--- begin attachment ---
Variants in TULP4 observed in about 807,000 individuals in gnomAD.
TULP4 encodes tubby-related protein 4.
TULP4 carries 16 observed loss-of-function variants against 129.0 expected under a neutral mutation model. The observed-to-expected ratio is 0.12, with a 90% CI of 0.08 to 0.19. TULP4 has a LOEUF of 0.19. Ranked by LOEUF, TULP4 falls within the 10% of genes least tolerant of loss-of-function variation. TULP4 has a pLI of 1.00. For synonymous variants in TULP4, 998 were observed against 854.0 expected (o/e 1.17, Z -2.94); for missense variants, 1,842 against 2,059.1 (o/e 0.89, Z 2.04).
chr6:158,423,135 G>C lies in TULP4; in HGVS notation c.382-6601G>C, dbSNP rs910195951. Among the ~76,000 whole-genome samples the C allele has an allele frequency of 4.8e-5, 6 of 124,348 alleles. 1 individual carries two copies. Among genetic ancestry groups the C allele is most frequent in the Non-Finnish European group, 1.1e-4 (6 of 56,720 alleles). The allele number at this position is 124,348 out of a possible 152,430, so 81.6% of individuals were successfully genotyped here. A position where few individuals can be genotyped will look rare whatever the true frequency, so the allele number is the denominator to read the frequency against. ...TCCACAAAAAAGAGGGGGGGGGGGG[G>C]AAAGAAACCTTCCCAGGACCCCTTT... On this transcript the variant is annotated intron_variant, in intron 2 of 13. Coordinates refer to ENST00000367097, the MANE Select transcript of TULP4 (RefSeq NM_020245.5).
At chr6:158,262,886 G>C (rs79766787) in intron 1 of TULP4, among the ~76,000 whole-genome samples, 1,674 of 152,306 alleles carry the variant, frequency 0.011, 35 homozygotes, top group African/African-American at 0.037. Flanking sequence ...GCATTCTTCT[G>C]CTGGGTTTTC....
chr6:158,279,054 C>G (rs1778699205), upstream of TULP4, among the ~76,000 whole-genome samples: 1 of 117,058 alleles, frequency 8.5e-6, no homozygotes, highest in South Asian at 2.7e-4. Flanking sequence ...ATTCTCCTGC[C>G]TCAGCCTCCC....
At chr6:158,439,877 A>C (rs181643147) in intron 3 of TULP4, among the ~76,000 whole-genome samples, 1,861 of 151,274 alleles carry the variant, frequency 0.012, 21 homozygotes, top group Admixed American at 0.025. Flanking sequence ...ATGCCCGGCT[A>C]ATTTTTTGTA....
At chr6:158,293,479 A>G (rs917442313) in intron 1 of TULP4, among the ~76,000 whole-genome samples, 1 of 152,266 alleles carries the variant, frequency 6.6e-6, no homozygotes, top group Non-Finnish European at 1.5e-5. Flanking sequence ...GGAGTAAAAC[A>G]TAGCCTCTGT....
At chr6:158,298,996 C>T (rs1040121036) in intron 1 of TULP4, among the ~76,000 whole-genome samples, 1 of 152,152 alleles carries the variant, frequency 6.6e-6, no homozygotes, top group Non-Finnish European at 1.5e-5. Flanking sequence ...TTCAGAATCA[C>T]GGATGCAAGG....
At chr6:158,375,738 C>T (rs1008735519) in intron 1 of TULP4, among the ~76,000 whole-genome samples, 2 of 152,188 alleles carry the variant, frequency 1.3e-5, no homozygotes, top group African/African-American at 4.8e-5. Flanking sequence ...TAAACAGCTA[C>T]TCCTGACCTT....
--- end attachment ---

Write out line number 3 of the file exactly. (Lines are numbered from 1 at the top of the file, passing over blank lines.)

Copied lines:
TULP4 carries 16 observed loss-of-function variants against 129.0 expected under a neutral mutation model. The observed-to-expected ratio is 0.12, with a 90% CI of 0.08 to 0.19. TULP4 has a LOEUF of 0.19. Ranked by LOEUF, TULP4 falls within the 10% of genes least tolerant of loss-of-function variation. TULP4 has a pLI of 1.00. For synonymous variants in TULP4, 998 were observed against 854.0 expected (o/e 1.17, Z -2.94); for missense variants, 1,842 against 2,059.1 (o/e 0.89, Z 2.04).